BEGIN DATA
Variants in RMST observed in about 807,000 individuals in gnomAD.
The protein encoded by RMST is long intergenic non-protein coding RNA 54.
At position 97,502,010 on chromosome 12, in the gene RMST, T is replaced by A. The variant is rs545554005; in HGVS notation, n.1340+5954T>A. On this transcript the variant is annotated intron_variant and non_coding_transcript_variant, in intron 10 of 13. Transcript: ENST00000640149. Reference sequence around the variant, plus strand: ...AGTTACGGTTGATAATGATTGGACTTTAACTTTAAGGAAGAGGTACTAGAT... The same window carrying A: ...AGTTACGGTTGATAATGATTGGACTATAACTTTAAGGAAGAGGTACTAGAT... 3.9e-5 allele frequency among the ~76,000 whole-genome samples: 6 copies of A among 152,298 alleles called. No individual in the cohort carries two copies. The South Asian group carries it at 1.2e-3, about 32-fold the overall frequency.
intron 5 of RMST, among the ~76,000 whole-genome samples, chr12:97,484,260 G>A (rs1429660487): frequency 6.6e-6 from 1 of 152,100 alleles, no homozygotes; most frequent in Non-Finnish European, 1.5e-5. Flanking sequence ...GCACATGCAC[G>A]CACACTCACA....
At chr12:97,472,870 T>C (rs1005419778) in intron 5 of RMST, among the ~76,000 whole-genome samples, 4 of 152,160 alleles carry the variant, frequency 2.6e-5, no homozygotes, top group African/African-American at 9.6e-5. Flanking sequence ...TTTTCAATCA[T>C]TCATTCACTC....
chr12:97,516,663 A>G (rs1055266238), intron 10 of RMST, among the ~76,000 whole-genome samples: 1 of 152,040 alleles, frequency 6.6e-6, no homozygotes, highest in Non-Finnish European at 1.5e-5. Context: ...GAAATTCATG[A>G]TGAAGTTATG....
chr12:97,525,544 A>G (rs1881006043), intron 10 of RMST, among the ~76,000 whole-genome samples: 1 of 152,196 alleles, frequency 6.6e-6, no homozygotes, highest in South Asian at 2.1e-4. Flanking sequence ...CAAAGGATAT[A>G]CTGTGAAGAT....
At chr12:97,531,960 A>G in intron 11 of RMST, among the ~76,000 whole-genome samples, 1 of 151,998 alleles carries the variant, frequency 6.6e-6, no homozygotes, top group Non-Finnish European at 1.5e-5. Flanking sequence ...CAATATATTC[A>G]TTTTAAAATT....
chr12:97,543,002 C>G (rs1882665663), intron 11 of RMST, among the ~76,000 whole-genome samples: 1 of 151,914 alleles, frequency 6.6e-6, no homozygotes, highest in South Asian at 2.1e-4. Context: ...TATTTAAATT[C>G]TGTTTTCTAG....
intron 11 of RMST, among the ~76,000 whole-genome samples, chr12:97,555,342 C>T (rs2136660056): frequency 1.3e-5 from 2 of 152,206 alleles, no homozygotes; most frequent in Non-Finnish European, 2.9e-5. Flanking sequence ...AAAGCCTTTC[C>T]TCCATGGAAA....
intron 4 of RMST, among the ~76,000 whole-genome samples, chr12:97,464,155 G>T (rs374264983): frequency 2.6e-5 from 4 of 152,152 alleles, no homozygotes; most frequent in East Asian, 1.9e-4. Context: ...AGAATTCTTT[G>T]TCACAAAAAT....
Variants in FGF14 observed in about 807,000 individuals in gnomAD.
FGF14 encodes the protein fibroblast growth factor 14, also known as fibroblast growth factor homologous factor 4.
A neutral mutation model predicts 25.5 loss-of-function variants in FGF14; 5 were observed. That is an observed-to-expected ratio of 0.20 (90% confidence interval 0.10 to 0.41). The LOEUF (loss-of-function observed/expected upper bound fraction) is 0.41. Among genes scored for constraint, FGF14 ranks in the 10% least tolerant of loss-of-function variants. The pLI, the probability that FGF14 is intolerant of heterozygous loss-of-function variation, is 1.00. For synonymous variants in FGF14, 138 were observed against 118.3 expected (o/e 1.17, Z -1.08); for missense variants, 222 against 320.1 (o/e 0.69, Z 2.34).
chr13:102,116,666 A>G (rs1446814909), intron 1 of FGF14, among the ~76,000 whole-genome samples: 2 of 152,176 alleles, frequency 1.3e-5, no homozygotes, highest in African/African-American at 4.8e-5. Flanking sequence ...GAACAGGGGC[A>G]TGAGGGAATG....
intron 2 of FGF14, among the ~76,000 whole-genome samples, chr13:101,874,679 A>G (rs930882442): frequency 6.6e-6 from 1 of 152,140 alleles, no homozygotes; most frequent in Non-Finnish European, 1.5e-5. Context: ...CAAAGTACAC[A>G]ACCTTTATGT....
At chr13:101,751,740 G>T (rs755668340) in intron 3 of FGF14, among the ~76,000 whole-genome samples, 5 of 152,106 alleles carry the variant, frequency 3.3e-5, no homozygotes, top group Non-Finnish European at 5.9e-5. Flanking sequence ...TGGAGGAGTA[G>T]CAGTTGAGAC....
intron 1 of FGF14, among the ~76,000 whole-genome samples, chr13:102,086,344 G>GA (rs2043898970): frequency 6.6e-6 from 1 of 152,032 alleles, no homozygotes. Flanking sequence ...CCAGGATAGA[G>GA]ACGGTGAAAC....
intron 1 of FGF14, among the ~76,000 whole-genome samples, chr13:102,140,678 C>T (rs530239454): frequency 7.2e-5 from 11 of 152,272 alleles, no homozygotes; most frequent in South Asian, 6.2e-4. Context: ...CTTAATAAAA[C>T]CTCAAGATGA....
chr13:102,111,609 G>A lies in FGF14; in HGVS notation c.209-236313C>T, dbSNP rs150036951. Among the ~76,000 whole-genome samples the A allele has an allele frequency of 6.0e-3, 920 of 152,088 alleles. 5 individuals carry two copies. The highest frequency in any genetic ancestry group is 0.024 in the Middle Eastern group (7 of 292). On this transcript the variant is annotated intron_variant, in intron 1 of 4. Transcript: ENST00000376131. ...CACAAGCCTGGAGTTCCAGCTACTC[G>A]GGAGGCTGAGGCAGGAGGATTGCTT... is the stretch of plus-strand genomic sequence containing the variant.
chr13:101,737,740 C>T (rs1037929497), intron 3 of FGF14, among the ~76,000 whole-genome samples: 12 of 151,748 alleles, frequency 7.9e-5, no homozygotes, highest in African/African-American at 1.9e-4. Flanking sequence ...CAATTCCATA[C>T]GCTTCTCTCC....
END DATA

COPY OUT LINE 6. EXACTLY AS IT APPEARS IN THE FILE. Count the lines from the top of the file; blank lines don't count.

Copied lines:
chr12:97,516,663 A>G (rs1055266238), intron 10 of RMST, among the ~76,000 whole-genome samples: 1 of 152,040 alleles, frequency 6.6e-6, no homozygotes, highest in Non-Finnish European at 1.5e-5. Context: ...GAAATTCATG[A>G]TGAAGTTATG....